Neolithic Heritage Trail

Neolithic Heritage Trail

The Neolithic Heritage Trail of Southern Jordan is a project proposed to the Ministry of Tourism and Antiquities of Jordan by Bill Finlayson, Samantha Dennis, Hans-Georg Gebel, Charlott Hoffman Jensen, Mohammad Najjar, Alan Simmons, Ingolf Thuesen, Talal Hamad al-Amarin. The objective of the project is to increase national and international understanding and awareness of the importance of the Neolithic of Southern Jordan and to enable the local community to be involved and benefit in the presentation of cultural heritage. The trail includes the following sites in the Greater Petra Area:

  • Ba’ja
  • Basta
  • Beidha
  • Ghuwayr 1
  • Shkarat Msaied
  • Wadi Faynan 16

Archaeology, heritage and tourism are closely connected in Jordan, but most of resources and publicity are devoted to the already well-known sites such as Petra and Jerash. The majority of sites promoted are broadly speaking classical or early Islamic and can generally be described as monumental. Jordan is rich in some of the world’s most important early Neolithic sites but there appears to be a belief amongst the archaeological and heritage community working in Jordan that such sites are not appealing to tourists. However, there is a great potential in presenting early prehistoric sites using successful examples from other countries and going on to outline plans for developing a Neolithic trail that will run from Wadi Faynan (WF16 PPNA, Ghuwayr 1 PPNB) up the Wadi Nimla (Shkarat Mziad) to Baja and Beidha and ending at Basta. This trail will help to diversify the range of cultural heritage experiences available in Jordan and promote the international importance of these early sites.

These archaeological sites are important because they provide a direct record of one of the major shifts in human behaviour, one that is often seen as the most crucial shift towards modern society and economy. People stopped surviving solely on wild foods, and began to live on plants and animals that they had domesticated. People began to live together in settlements, staying in one place for longer and longer periods of time, in larger and larger groups. It is the period when the first real signs of religion began to appear, with special buildings, complicated burial rituals, and many symbolic artefacts; famously in Jordan the statues from Ain Ghazal. Arguably it is the moment when people’s entire vision of the world and their place in it changed. People no longer saw themselves as part of nature, but increasingly as something different, controlling their environment, a change that may be connected to the beginning of farming. Without the Neolithic there would be no modern society, no urbanism, world population levels could never have risen beyond a few million, and perhaps even our ability to live together in large communities would never have developed. Even the modern pastoralist lifestyle of the Bedouin could not have developed without the domestication of animals first achieved by the pre-pottery Neolithic people.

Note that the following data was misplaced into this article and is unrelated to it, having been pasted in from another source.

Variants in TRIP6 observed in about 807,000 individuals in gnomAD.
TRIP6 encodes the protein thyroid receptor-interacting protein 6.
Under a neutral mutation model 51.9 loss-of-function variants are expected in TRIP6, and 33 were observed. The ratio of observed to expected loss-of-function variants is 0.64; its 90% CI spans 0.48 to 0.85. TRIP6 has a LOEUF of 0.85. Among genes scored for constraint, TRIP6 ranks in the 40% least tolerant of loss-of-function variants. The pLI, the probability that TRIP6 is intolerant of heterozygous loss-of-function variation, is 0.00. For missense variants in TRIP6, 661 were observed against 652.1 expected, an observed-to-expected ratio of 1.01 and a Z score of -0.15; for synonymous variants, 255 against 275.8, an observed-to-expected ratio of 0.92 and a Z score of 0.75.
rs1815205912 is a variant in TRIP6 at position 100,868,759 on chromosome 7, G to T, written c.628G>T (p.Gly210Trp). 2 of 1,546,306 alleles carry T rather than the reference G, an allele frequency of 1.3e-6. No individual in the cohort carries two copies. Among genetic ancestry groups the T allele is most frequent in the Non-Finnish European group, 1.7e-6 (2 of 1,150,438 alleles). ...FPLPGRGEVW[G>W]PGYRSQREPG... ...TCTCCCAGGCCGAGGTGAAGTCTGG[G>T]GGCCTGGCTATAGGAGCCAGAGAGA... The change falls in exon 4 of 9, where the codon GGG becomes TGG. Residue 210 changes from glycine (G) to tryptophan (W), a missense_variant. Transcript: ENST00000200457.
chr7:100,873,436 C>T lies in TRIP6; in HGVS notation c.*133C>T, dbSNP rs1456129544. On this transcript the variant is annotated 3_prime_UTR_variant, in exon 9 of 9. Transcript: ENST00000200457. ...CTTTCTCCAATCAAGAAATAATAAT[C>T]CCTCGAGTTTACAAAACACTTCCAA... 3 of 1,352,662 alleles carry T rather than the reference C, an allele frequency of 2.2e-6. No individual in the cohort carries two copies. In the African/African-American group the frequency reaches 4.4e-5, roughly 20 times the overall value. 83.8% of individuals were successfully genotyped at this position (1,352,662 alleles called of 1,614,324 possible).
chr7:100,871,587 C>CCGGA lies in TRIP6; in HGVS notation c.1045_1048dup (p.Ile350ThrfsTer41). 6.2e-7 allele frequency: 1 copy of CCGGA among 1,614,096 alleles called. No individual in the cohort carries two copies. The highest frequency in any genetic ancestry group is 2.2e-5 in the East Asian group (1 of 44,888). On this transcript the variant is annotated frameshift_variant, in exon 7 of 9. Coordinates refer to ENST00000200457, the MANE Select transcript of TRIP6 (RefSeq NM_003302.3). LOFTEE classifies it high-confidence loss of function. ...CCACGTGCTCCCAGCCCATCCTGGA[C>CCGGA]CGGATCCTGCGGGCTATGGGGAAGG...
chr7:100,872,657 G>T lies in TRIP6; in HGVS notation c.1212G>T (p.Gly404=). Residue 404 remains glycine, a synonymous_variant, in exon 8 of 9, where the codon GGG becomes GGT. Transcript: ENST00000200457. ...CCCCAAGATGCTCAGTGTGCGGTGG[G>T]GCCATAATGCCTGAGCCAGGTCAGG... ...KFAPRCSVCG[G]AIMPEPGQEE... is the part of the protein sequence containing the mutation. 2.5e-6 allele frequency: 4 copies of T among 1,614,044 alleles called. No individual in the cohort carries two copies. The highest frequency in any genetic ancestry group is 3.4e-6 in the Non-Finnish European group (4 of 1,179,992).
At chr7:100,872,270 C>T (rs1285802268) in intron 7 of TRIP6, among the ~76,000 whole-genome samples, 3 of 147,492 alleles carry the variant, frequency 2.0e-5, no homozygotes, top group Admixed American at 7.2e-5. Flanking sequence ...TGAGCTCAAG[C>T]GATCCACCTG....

In Jordan the preservation of Neolithic sites is exceedingly good, the story is of great interest to humanity, and it is set in some of the greatest landscapes imaginable. Initial efforts have already been undertaken at several sites, including conservation works, paths, fencing and information panels at Basta, Beidha, Ghuwayr 1 and Shkarat Msaied. There are already large numbers of visitors who pass by Beidha, and not only as part of tours to little Petra. However, as yet there has been no real investment in resources or effort.

One great possibility for the south of Jordan would be to develop a Neolithic trail. There is a distinct concentration of spectacular Neolithic sites that are now all connected by road. It is possible to go on a surfaced road from Wadi Faynan 16, the earliest of these sites, see Ghuwayr, enjoy the amazing scenery up from the Wadi Arabah, to Shqarat Mziad, pass Baja, reach Beidha, and finish at Basta. The RSCN wilderness lodge in Faynan and the many tourist facilities in Wadi Mousa and its region make the logistics of the trip relatively easy. There is also an option of walking through the landscape with Bedouin guides. Many of the local Bedouin groups have been involved in the excavations at the various sites, some of them becoming enthusiastic and well-informed. They already lead small walking groups in the area. The Neolithic sites are very much part of their landscape and in an area with few economic possibilities it would be very useful to provide some economic return from the archaeological sites. In addition, given the remote location of these sites it is extremely important that local population are sympathetic to the conservation of the sites and any information panels, or their promotion may well lead to a faster deterioration. The involvement of the local population provides a greater probability that the project will be sustainable. There is a UNESCO project regarding the intangible heritage of the Bedouin, and although this relates to recent and contemporary Bedouin culture, it has included discussion of open air and living museums. The archaeological sites would fit well within such a wider approach.

The current proposal considers the following issues of importance:

  • Site Preservation
  • Site Presentation
  • Educating Locals
  • Guidebook
  • Marketing
  • Funding
  • Conclusion

Note: Mariam Bachich, Cottbus/ Homs has already produced a document describing the marketing of the trail (available upon request to


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